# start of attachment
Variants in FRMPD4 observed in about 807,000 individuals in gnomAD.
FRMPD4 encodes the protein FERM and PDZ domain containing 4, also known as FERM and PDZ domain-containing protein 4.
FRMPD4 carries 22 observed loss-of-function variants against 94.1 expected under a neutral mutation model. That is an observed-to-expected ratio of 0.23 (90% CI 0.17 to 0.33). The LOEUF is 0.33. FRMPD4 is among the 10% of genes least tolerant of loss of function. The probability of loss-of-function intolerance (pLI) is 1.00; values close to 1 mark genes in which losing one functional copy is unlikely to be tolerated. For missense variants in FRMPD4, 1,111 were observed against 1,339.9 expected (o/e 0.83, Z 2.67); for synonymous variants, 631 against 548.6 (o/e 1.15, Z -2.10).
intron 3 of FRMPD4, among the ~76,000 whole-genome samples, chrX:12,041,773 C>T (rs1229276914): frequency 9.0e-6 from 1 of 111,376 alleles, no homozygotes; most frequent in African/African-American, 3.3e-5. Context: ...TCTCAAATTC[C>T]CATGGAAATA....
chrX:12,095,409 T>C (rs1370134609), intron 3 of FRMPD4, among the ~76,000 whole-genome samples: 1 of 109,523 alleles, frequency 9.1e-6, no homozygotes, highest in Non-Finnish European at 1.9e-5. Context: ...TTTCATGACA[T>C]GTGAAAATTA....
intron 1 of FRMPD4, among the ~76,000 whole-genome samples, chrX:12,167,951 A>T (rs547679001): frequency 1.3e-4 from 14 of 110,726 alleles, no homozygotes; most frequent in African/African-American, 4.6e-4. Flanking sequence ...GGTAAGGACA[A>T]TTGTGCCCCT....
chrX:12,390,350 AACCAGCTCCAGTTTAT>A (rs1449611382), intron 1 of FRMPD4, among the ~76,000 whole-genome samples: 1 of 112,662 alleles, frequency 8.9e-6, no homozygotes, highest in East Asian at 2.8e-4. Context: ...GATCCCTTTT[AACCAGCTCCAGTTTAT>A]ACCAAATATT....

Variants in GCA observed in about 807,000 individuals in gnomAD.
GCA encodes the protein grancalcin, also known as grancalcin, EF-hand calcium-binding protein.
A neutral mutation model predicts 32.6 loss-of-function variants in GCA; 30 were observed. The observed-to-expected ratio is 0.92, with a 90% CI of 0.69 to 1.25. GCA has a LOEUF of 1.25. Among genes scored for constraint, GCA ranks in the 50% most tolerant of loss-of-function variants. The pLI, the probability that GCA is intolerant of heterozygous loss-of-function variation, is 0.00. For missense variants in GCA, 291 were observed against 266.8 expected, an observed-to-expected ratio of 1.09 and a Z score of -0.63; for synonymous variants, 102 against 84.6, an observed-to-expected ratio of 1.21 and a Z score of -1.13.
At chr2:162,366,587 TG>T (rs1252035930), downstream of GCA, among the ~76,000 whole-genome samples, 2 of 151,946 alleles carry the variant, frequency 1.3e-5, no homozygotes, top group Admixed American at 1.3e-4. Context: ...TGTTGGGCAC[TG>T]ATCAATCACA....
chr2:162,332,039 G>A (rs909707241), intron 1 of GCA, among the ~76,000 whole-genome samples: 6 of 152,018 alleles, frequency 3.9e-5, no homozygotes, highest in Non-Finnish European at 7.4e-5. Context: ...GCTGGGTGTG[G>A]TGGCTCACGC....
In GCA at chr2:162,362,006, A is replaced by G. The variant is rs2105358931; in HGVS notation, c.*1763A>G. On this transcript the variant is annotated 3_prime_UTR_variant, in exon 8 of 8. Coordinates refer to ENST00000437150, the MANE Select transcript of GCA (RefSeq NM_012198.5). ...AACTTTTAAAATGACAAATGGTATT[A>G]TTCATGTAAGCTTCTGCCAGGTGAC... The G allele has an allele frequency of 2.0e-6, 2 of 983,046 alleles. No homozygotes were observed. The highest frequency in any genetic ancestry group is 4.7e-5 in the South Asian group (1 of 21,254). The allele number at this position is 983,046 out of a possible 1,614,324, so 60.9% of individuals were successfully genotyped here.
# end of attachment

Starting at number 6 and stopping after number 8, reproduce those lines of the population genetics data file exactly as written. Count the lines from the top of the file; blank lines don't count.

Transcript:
intron 1 of FRMPD4, among the ~76,000 whole-genome samples, chrX:12,167,951 A>T (rs547679001): frequency 1.3e-4 from 14 of 110,726 alleles, no homozygotes; most frequent in African/African-American, 4.6e-4. Flanking sequence ...GGTAAGGACA[A>T]TTGTGCCCCT....
chrX:12,390,350 AACCAGCTCCAGTTTAT>A (rs1449611382), intron 1 of FRMPD4, among the ~76,000 whole-genome samples: 1 of 112,662 alleles, frequency 8.9e-6, no homozygotes, highest in East Asian at 2.8e-4. Context: ...GATCCCTTTT[AACCAGCTCCAGTTTAT>A]ACCAAATATT....

Variants in GCA observed in about 807,000 individuals in gnomAD.